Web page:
EKSTRÖM: That’s a tough question, I think. Doing something really well often gives you commercial success in the end. [laughs] I think we’re very ambitious. That’s the most important thing, I think. To do it really good. I think it’s more important to do it really well than to make money.

When we came to the US for the first time, people asked us “Where’s your manager?” “Where’s your publicist?” “Where’s your blah, blah, blah.” We were like, “We don’t need that.” We do this in our way; we do it kind of, maybe, slow. It’s not important to happen right away. We have to build something up from the start. We are stubborn people.

STUDARUS: Do you feel like if you had instant success when you first started releasing music, that would have been something that you could have handled?

EKSTRÖM: When we released our first album in 2007, a lot of people started to like us very fast. I was pretty happy about the way it was growing. Not too fast. It probably would have been very difficult for us if it had been an instant commercial success and we sold a lot of albums. I feel like we don’t have success to measure ourselves with our own success all the time. So we can take our time and do really good albums instead of, “Oh, we’ve got to put out a single to make some cash!” That would probably destroy us. That’s probably why a lot of bands suck in the end.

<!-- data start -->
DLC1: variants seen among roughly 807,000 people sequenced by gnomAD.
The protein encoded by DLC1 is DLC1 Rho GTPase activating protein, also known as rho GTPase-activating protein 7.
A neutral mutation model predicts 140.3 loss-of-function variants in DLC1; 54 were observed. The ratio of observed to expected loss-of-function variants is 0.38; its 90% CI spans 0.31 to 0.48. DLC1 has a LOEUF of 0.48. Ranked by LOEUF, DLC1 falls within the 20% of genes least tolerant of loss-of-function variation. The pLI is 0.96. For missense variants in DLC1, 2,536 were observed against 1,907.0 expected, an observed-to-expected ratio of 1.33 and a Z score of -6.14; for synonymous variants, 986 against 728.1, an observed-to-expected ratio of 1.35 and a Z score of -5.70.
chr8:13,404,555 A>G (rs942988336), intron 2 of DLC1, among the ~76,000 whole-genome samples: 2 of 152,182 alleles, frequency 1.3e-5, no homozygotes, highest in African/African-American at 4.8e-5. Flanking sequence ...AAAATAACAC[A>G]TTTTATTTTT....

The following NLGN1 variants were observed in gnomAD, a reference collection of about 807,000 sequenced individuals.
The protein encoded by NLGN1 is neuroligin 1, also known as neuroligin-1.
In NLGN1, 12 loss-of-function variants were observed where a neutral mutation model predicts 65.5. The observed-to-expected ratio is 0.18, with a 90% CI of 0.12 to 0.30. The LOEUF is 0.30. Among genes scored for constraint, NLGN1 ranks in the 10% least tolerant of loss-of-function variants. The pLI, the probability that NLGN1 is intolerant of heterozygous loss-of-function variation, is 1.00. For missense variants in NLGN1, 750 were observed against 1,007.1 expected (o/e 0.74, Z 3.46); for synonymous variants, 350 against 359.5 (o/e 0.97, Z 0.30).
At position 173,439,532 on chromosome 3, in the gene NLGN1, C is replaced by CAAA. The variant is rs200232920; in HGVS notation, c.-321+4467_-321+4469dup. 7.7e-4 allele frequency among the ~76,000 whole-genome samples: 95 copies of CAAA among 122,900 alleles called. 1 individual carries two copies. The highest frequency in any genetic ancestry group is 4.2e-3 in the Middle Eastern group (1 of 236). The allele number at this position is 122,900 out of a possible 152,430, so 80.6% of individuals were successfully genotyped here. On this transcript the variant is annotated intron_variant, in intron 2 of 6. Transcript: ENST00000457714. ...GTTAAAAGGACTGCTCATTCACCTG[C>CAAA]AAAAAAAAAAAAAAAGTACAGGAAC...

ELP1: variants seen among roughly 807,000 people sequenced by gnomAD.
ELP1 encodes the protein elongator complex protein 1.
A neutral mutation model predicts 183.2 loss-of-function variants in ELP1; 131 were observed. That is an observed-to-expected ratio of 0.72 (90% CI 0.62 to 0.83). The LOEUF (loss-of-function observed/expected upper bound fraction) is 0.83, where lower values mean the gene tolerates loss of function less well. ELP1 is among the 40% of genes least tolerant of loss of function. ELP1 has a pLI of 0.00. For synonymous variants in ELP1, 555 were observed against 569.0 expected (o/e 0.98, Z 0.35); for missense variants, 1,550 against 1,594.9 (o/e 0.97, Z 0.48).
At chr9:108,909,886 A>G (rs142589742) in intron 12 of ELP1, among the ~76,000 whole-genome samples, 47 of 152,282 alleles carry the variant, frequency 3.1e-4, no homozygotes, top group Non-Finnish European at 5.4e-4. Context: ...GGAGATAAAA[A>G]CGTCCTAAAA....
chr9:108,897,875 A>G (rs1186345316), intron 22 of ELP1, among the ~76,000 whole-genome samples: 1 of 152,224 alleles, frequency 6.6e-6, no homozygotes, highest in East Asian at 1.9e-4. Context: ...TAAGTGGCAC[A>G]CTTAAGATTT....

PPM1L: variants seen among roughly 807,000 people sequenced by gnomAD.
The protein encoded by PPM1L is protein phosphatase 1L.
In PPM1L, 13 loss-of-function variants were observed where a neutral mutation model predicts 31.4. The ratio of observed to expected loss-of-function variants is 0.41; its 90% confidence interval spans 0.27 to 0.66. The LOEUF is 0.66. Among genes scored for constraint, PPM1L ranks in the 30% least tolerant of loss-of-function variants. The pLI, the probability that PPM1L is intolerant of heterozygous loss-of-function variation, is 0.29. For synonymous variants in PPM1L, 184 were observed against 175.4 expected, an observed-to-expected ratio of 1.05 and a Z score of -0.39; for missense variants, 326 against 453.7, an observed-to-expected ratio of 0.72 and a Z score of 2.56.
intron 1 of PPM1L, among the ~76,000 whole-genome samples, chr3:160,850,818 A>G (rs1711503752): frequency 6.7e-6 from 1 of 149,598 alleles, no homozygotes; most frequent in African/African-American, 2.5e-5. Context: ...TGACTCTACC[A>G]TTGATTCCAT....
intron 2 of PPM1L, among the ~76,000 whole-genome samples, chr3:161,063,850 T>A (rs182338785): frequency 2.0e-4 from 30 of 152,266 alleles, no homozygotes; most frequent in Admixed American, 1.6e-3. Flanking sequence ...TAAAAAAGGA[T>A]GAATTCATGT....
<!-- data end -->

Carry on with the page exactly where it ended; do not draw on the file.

STUDARUS: With some of the titles on this new album, “Unblessed,” “Can’t Stop the Aching” “Don’t Forget (to Forget About Me).” Do you consider yourself to be more of an optimist or pessimist?

EKSTRÖM: Both at the same time. Where I come from, in my family and all that, we’re pessimists, I think. But I’m optimistic when it comes to making music, actually. Where I want to go with my music. I’m probably pessimistic in my daily life. In Sweden, we’re typically anxious. We always, always, always want something better. The grass is greener. That’s a big problem for us. That makes people really unhappy I think, wanting things to be better all the time. I try to be happy with what I’ve achieved. But I would probably be more happy if I knew what I would be achieving.